The 2018 farm bill included a provision to make it easier for farmers operating on so-called heirs property — land that passed from one generation of a family to another without a clear title — to obtain a USDA farm number and thus gain access to a multitude of government programs. The Senate is scheduled to vote this afternoon on an amendment by Alabama Sen. Doug Jones to provide $5 million for a re-lending program that would be a step toward resolving ownership issues.
Agricultural lenders expect farm income, which weakened in the spring, to continue to decline this summer, although a recent rally in corn, soybean, and wheat prices will act as a stabilizer, said Federal Reserve banks in Kansas City, Minneapolis, and St. Louis on Thursday.
The average value of U.S. cropland is marginally higher this year, but has changed little overall since the collapse of the commodity boom early this decade, said the USDA’s annual Land Values report on Tuesday. Higher values west of the Great Plains, led by a 5.4 percent increase in …
U.S. farm real estate values rode the express elevator to the penthouse during the commodity boom, gaining an average $860 an acre in five years. They are still at elevated levels despite the sharply lower farm income of recent years but may drift lower in the near term, according to two examinations of the farm economy.
The USDA forecast net farm income of $69.4 billion this year. If accurate, the total would be the third year of net income below $70 billion since 2015. “We’re starting to see ... a new average coming out here,” said USDA economist Carrie Litkowski on Wednesday.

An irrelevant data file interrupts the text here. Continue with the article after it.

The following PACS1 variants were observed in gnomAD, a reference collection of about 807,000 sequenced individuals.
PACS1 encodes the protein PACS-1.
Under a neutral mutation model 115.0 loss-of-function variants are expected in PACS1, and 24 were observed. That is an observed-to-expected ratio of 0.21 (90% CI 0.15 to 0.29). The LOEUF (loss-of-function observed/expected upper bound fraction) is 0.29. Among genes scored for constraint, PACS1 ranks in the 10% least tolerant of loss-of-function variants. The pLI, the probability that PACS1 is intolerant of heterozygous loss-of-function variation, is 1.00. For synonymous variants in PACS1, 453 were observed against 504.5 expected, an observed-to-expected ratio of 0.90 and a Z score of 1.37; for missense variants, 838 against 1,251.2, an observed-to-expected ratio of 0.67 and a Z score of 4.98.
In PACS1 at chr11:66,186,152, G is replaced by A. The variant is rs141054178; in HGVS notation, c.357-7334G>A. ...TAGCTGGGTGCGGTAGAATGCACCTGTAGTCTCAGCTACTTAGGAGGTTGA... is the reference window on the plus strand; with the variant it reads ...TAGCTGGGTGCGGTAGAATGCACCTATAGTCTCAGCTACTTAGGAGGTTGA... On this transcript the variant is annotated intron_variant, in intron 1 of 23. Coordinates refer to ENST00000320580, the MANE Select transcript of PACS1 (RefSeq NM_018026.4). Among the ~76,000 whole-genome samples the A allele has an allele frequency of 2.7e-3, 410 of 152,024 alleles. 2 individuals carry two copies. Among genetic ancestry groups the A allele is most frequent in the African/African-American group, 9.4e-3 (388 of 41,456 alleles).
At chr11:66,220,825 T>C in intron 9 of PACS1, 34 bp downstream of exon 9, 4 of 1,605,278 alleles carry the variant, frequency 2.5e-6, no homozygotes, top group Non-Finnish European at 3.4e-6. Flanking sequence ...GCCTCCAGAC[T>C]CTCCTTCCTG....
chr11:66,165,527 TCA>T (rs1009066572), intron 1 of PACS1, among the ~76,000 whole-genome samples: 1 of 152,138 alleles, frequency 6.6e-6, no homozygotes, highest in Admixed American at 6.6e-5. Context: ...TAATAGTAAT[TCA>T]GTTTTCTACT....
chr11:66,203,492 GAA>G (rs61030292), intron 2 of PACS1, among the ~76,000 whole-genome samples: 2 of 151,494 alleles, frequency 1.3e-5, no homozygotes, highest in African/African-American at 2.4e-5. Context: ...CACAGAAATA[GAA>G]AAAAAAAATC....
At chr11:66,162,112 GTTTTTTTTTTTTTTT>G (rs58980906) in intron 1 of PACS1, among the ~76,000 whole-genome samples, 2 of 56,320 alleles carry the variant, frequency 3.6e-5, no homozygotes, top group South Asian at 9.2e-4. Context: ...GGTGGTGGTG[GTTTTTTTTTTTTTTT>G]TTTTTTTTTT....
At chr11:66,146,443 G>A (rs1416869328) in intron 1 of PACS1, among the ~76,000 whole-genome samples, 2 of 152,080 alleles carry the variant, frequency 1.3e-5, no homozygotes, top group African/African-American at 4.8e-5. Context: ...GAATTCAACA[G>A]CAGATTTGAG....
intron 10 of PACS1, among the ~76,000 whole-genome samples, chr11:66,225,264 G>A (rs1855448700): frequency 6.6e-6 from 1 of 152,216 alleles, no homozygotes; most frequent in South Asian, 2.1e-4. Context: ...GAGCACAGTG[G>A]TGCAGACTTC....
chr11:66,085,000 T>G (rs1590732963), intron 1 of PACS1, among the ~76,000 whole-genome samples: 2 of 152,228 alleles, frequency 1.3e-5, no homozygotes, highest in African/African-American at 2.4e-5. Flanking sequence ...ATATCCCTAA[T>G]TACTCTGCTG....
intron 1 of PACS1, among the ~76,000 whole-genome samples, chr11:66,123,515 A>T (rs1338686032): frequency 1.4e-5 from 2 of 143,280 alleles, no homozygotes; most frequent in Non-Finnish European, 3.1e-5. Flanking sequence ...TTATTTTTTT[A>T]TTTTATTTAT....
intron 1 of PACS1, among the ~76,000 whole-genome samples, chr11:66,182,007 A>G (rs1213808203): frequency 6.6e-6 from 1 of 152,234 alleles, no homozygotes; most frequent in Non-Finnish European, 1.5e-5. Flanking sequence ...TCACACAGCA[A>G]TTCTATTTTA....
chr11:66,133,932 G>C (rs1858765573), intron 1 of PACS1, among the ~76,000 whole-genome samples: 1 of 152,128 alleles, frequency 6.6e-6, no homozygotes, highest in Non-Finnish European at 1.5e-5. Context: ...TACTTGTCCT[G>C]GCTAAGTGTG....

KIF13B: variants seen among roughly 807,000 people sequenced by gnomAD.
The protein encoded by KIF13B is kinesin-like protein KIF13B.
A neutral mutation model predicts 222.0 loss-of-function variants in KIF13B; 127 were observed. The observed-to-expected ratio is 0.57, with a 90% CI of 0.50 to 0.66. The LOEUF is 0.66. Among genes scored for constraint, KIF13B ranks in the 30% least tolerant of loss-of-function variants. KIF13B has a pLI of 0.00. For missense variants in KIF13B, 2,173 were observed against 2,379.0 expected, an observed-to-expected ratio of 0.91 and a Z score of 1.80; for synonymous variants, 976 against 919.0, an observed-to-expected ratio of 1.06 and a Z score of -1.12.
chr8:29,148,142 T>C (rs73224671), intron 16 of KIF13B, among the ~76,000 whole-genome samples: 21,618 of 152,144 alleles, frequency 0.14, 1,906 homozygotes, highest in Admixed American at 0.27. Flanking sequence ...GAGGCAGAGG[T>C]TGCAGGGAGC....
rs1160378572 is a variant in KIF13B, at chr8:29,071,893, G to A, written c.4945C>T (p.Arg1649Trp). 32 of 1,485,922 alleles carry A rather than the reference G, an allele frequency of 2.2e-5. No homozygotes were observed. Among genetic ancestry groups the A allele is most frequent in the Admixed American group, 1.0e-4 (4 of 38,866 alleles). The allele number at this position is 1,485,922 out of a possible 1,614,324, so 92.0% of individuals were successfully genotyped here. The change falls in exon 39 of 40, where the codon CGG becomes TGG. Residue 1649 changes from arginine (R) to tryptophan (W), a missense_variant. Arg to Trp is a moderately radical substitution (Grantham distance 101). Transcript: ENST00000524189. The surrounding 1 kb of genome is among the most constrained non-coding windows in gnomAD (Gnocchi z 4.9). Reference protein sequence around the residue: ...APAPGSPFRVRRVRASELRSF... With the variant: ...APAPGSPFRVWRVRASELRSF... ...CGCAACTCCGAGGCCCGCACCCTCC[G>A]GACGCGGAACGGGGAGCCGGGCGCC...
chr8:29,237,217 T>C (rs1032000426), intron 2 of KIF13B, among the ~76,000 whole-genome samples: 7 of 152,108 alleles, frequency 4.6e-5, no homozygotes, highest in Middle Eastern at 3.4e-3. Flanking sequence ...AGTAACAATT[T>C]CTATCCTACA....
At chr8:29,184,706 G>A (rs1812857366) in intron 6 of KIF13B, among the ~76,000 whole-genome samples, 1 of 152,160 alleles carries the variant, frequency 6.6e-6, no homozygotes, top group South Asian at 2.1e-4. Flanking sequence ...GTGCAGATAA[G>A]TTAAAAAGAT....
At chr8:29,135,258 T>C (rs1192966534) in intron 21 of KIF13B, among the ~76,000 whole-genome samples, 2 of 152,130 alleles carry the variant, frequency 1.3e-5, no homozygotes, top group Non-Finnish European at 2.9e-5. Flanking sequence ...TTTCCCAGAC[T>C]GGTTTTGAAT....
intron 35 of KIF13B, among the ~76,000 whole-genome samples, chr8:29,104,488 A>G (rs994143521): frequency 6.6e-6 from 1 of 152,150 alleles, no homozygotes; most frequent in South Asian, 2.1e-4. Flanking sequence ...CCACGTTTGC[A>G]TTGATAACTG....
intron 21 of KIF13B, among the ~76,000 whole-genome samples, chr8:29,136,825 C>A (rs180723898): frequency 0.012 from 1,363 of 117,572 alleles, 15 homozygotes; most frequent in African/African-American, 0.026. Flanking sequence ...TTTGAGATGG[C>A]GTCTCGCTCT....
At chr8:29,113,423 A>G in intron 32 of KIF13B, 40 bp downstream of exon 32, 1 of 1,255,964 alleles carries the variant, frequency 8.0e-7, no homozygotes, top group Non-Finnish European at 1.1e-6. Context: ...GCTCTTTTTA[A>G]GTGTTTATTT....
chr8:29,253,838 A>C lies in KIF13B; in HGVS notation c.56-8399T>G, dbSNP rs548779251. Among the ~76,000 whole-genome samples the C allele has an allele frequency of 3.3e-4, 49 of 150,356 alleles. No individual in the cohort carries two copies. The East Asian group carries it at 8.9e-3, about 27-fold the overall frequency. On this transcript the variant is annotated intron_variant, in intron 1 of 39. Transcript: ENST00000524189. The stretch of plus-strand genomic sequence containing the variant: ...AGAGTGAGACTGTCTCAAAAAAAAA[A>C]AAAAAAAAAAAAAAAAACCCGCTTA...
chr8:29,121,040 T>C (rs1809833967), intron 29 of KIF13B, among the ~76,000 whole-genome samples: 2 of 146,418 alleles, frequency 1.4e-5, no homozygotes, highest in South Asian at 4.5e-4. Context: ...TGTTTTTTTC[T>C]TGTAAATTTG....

Ag bankers in the Midwest say farmland values were steady overall in 2018 and rose by 1 percent in the final three months of the year, reported the Chicago Federal Reserve on Thursday in its quarterly AgLetter.
With a nationwide average of $4,130 an acre this year, the value of U.S. cropland is nearly unchanged from the 2014 average of $4,100 an acre, according to an annual USDA survey of producers.
Agricultural bankers reported a 1 percent rise in “good” farmland values in 2017 in a survey by the Chicago Federal Reserve Bank, which said the productivity of midwestern farmland had helped stabilize prices. It was the first increase in values since 2014.
An Iowa State University survey said the average acre of Iowa farmland rose in value by 2 percent in 2017, to $7,326, ending the first three-year decline in values since the agricultural crisis of the mid-1980s.
The Kansas City Federal Reserve Bank says the prolonged decline in farm income pushed farmland values lower in the central and northern Plains, "but at a modest pace" of 3 percent for non-irrigated land during the summer. The Chicago Federal Reserve Bank said land values, although relatively stable for the past year, fell 1 percent during the summer.